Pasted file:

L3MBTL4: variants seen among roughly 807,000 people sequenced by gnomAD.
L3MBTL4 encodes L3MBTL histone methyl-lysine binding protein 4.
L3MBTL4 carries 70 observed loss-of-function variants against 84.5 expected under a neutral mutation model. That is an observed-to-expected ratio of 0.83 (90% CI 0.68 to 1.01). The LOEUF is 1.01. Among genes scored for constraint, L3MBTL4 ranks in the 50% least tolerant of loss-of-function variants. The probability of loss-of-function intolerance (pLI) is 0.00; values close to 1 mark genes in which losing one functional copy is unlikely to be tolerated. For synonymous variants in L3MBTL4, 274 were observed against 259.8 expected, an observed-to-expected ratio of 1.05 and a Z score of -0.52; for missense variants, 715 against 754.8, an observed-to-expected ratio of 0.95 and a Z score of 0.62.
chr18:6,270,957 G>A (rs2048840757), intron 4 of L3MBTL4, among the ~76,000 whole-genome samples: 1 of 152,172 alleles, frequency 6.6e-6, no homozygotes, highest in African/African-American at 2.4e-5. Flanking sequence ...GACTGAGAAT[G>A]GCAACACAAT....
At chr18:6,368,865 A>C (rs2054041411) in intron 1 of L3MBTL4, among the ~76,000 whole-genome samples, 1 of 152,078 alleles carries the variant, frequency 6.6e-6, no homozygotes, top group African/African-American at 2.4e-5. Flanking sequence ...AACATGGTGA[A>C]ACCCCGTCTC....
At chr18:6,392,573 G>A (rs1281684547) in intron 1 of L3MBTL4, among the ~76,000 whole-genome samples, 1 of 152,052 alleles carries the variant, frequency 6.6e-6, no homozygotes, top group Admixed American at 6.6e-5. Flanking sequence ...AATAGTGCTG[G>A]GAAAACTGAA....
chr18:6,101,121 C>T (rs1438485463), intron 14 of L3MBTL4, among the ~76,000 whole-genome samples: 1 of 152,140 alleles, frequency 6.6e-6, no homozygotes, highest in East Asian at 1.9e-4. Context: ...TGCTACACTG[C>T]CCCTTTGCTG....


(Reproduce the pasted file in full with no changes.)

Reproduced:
L3MBTL4: variants seen among roughly 807,000 people sequenced by gnomAD.
L3MBTL4 encodes L3MBTL histone methyl-lysine binding protein 4.
L3MBTL4 carries 70 observed loss-of-function variants against 84.5 expected under a neutral mutation model. That is an observed-to-expected ratio of 0.83 (90% CI 0.68 to 1.01). The LOEUF is 1.01. Among genes scored for constraint, L3MBTL4 ranks in the 50% least tolerant of loss-of-function variants. The probability of loss-of-function intolerance (pLI) is 0.00; values close to 1 mark genes in which losing one functional copy is unlikely to be tolerated. For synonymous variants in L3MBTL4, 274 were observed against 259.8 expected, an observed-to-expected ratio of 1.05 and a Z score of -0.52; for missense variants, 715 against 754.8, an observed-to-expected ratio of 0.95 and a Z score of 0.62.
chr18:6,270,957 G>A (rs2048840757), intron 4 of L3MBTL4, among the ~76,000 whole-genome samples: 1 of 152,172 alleles, frequency 6.6e-6, no homozygotes, highest in African/African-American at 2.4e-5. Flanking sequence ...GACTGAGAAT[G>A]GCAACACAAT....
At chr18:6,368,865 A>C (rs2054041411) in intron 1 of L3MBTL4, among the ~76,000 whole-genome samples, 1 of 152,078 alleles carries the variant, frequency 6.6e-6, no homozygotes, top group African/African-American at 2.4e-5. Flanking sequence ...AACATGGTGA[A>C]ACCCCGTCTC....
At chr18:6,392,573 G>A (rs1281684547) in intron 1 of L3MBTL4, among the ~76,000 whole-genome samples, 1 of 152,052 alleles carries the variant, frequency 6.6e-6, no homozygotes, top group Admixed American at 6.6e-5. Flanking sequence ...AATAGTGCTG[G>A]GAAAACTGAA....
chr18:6,101,121 C>T (rs1438485463), intron 14 of L3MBTL4, among the ~76,000 whole-genome samples: 1 of 152,140 alleles, frequency 6.6e-6, no homozygotes, highest in East Asian at 1.9e-4. Context: ...TGCTACACTG[C>T]CCCTTTGCTG....